There was also a flawed view of the nature of risk in the mortgage market involved in the crisis. Securitization was based upon the notion that the risks of default for the different mortgages were independent. When housing prices fall there are some borrowers who find the market value of their property is less than the amount of debt outstanding and they decide to walk away from their debt obligations. No amount of diversification will reduce this risk. The default, foreclosure and resale of the properties then feed back into the mortgage market further increasing the risk. See Market Risk for more on this topic.
An article by Steven A. Holmes from the September 30, 1999 edition of the New York Times describes how the process began that culminated in the financial crisis of September 2008. The article reveals how much wishful thinking there was on the part of government officials that financial institutions could be run like social welfare agencies and how they were forewarned of their folly yet they went ahead and did it.
Fannie Mae Eases Credit To Aid Mortgage Lending
In a move that could help increase home ownership rates among minorities and low-income consumers, the Fannie Mae Corporation is easing the credit requirements on loans that it will purchase from banks and other lenders.
The action, which will begin as a pilot program involving 24 banks in 15 markets -- including the New York metropolitan region -- will encourage those banks to extend home mortgages to individuals whose credit is generally not good enough to qualify for conventional loans. Fannie Mae officials say they hope to make it a nationwide program by next spring.
Fannie Mae, the nation's biggest underwriter of home mortgages, has been under increasing pressure from the Clinton Administration to expand mortgage loans among low and moderate income people and felt pressure from stock holders to maintain its phenomenal growth in profits.
In addition, banks, thrift institutions and mortgage companies have been pressing Fannie Mae to help them make more loans to so-called subprime borrowers. These borrowers whose incomes, credit ratings and savings are not good enough to qualify for conventional loans, can only get loans from finance companies that charge much higher interest rates -- anywhere from three to four percentage points higher than conventional loans.
The September 1999 New York Times article continues:
"Fannie Mae has expanded home ownership for millions of families in the 1990's by reducing down payment requirements," said Franklin D. Raines, Fannie Mae's chairman and chief executive officer. "Yet there remain too many borrowers whose credit is just a notch below what our underwriting has required who have been relegated to paying significantly higher mortgage rates in the so-called subprime market."
That is the end of the quotation in the article of Franklin Raines comments. Steven Holmes' article continues:
Demographic information on these borrowers is sketchy. But at least one study indicates that 18 percent of the loans in the subprime market went to black borrowers, compared to 5 per cent of loans in the conventional loan market.
In moving, even tentatively, into this new area of lending, Fannie Mae is taking on significantly more risk, which may not pose any difficulties during flush economic times. But the government-subsidized corporation may run into trouble in an economic downturn, prompting a government rescue similar to that of the savings and loan industry in the 1980's.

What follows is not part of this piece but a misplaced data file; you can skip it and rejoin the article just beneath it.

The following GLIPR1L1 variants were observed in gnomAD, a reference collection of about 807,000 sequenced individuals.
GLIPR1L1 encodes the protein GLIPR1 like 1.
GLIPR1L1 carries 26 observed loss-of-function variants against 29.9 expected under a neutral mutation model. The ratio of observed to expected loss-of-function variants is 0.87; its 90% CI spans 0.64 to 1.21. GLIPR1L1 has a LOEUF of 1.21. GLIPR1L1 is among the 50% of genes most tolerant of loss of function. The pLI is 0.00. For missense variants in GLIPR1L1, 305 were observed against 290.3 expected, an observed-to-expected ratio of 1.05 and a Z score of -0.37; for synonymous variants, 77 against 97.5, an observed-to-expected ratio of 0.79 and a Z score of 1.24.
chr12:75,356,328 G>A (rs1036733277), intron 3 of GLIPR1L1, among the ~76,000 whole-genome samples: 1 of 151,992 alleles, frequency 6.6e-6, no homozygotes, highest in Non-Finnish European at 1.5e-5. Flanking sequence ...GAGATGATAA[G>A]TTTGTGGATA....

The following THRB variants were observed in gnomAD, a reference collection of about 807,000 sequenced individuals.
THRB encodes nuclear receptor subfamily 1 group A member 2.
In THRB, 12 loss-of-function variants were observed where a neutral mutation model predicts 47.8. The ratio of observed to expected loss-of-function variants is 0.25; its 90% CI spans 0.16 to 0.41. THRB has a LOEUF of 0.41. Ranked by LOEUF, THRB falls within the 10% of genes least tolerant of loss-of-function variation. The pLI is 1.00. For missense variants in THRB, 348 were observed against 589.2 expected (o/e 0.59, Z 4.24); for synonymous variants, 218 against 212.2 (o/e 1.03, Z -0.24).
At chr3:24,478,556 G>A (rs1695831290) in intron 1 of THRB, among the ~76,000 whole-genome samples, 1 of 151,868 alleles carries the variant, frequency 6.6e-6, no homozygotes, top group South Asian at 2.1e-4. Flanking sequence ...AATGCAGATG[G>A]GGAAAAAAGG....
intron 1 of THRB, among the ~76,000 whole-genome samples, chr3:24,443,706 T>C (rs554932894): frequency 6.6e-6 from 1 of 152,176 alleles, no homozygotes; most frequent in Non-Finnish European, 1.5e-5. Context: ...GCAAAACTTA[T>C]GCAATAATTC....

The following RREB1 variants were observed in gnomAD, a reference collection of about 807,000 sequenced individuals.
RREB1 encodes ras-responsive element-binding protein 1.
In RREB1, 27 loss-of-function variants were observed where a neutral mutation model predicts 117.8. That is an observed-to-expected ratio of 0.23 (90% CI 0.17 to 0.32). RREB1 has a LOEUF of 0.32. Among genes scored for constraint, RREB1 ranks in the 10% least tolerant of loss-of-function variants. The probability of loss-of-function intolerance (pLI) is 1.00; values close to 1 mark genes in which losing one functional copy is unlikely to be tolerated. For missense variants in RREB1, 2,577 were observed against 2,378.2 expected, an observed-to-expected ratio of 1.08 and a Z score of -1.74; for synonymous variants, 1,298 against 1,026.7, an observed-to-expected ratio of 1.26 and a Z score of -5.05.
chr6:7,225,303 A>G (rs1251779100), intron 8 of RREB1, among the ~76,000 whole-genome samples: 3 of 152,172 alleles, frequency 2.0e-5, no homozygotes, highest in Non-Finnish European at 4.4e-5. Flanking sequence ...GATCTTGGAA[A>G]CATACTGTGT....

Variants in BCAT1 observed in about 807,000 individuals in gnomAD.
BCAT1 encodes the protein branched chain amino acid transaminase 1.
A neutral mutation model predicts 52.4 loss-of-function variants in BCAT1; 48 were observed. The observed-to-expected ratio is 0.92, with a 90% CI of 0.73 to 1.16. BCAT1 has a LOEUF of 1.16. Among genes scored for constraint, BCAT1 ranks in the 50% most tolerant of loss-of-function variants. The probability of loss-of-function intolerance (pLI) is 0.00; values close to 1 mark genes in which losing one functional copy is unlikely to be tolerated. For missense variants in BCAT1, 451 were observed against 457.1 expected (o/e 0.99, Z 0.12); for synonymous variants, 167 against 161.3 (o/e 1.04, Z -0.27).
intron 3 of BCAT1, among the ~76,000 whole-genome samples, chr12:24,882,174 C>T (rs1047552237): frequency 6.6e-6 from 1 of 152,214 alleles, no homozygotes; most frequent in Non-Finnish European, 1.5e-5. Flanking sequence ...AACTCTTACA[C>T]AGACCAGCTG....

The Savings and Loan Associations were part of what was known as the thrift industry, which included credit unions as well as savings and loan associations. The New York Times article makes reference to the collapse of the thrift industry in the 1980's.
"From the perspective of many people, including me, this is another thrift industry growing up around us,'' said Peter Wallison a resident fellow at the American Enterprise Institute. ''If they fail, the government will have to step up and bail them out the way it stepped up and bailed out the thrift industry."
The article then goes on to give some of the details of mortgage industry's operation.
Under Fannie Mae's pilot program, consumers who qualify can secure a mortgage with an interest rate one percentage point above that of a conventional, 30-year fixed rate mortgage of less than $240,000 -- a rate that currently averages about 7.76 per cent. If the borrower makes his or her monthly payments on time for two years, the one percentage point premium is dropped.
Fannie Mae, the nation's biggest underwriter of home mortgages, does not lend money directly to consumers. Instead, it purchases loans that banks make on what is called the secondary market. By expanding the type of loans that it will buy, Fannie Mae is hoping to spur banks to make more loans to people with less-than-stellar credit ratings.
Fannie Mae officials stress that the new mortgages will be extended to all potential borrowers who can qualify for a mortgage. But they add that the move is intended in part to increase the number of minority and low income home owners who tend to have worse credit ratings than non-Hispanic whites.
The 1999 article goes on to give some of the statistics of the performance of Fannie Mae program to extend mortgage lending to minorities.
Home ownership has, in fact, exploded among minorities during the economic boom of the 1990's. The number of mortgages extended to Hispanic applicants jumped by 87.2 per cent from 1993 to 1998, according to Harvard University's Joint Center for Housing Studies. During that same period the number of African Americans who got mortgages to buy a home increased by 71.9 per cent and the number of Asian Americans by 46.3 per cent.
In contrast, the number of non-Hispanic whites who received loans for homes increased by 31.2 per cent.
Despite these gains, home ownership rates for minorities continue to lag behind non-Hispanic whites, in part because blacks and Hispanics in particular tend to have on average worse credit ratings.